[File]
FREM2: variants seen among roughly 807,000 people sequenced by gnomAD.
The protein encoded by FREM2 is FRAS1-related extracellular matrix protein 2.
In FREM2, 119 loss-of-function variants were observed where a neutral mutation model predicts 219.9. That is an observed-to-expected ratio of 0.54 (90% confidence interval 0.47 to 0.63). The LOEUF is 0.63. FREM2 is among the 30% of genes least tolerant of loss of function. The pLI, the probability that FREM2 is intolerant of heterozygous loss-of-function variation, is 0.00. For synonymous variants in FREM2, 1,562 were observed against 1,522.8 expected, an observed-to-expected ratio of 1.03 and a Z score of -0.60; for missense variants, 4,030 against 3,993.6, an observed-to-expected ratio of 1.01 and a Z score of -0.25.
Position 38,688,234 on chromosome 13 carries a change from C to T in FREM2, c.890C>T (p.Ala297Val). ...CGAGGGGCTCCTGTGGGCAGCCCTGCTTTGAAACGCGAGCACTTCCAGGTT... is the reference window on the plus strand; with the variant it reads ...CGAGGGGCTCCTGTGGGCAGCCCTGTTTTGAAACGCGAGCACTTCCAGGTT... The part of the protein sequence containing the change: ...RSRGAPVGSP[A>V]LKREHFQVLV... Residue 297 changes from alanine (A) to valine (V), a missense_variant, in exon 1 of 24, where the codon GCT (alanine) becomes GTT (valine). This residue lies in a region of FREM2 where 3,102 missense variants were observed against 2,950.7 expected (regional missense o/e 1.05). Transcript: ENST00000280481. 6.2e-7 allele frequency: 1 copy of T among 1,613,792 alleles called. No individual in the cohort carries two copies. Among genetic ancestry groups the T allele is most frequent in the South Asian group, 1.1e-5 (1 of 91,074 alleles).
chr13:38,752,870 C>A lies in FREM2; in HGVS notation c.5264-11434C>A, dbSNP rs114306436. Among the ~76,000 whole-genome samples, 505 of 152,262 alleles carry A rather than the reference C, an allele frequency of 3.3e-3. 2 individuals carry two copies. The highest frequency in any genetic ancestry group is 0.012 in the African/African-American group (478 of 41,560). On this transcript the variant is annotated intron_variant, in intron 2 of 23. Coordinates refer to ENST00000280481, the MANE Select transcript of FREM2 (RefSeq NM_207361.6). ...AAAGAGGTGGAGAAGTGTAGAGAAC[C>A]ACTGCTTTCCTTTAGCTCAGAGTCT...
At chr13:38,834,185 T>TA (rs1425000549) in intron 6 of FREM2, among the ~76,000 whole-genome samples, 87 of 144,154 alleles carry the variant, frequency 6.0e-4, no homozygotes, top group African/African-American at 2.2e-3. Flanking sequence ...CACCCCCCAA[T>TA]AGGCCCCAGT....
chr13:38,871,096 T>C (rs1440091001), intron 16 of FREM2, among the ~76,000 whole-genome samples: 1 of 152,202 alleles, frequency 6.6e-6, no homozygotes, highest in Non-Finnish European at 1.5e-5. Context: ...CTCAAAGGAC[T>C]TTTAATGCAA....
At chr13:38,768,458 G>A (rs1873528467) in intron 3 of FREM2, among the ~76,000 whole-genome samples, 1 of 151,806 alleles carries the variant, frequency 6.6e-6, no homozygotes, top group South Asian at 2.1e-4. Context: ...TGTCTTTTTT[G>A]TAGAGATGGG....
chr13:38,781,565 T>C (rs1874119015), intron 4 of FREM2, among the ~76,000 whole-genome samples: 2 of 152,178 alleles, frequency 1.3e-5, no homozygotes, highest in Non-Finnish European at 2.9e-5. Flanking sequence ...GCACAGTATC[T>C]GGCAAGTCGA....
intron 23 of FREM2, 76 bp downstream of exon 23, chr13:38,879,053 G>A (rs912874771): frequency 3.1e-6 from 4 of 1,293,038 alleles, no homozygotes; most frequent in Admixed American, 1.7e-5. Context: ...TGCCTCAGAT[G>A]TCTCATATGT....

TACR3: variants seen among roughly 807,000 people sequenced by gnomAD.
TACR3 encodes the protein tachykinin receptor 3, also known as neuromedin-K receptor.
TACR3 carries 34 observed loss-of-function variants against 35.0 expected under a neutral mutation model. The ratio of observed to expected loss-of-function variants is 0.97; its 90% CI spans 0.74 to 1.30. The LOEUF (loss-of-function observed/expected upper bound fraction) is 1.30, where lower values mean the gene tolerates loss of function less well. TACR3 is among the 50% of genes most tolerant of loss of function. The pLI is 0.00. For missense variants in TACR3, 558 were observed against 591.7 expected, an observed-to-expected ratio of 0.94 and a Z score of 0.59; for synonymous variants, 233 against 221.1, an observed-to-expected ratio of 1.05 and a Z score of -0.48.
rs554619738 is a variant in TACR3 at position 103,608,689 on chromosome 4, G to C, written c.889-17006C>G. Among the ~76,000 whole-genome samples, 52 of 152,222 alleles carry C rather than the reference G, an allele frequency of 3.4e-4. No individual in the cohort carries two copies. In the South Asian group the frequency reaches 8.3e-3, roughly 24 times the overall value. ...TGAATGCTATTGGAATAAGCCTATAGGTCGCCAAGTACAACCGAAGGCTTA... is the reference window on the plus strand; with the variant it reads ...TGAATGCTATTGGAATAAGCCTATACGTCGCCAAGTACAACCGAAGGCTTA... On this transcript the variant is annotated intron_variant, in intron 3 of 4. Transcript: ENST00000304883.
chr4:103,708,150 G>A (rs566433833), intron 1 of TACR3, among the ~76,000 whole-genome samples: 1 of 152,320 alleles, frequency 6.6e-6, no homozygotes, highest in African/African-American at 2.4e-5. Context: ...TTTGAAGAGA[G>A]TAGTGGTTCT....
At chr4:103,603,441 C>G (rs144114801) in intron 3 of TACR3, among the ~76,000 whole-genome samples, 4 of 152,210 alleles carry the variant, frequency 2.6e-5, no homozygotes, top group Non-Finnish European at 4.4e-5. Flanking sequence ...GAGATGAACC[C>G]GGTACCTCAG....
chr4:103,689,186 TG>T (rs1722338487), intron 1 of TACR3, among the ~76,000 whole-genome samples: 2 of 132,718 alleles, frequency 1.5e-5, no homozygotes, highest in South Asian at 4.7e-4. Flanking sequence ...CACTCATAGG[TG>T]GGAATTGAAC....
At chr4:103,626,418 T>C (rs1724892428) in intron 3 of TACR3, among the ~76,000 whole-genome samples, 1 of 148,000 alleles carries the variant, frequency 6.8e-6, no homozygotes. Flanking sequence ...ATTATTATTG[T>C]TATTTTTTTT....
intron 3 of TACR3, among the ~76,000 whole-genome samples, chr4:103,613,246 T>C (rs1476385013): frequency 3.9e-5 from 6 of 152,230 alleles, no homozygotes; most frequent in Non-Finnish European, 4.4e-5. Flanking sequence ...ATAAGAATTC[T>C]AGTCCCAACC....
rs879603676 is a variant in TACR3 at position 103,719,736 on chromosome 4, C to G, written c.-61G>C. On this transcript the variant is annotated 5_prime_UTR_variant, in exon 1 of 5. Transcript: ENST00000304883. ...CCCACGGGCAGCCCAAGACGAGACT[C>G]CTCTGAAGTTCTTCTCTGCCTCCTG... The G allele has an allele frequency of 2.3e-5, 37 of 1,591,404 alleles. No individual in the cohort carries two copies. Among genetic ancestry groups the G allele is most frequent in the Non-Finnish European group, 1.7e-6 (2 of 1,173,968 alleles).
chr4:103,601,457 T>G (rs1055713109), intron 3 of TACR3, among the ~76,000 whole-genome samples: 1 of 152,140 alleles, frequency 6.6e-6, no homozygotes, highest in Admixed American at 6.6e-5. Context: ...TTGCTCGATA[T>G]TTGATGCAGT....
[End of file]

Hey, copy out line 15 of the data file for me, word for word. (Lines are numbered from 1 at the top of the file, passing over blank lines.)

chr4:103,708,150 G>A (rs566433833), intron 1 of TACR3, among the ~76,000 whole-genome samples: 1 of 152,320 alleles, frequency 6.6e-6, no homozygotes, highest in African/African-American at 2.4e-5. Context: ...TTTGAAGAGA[G>A]TAGTGGTTCT....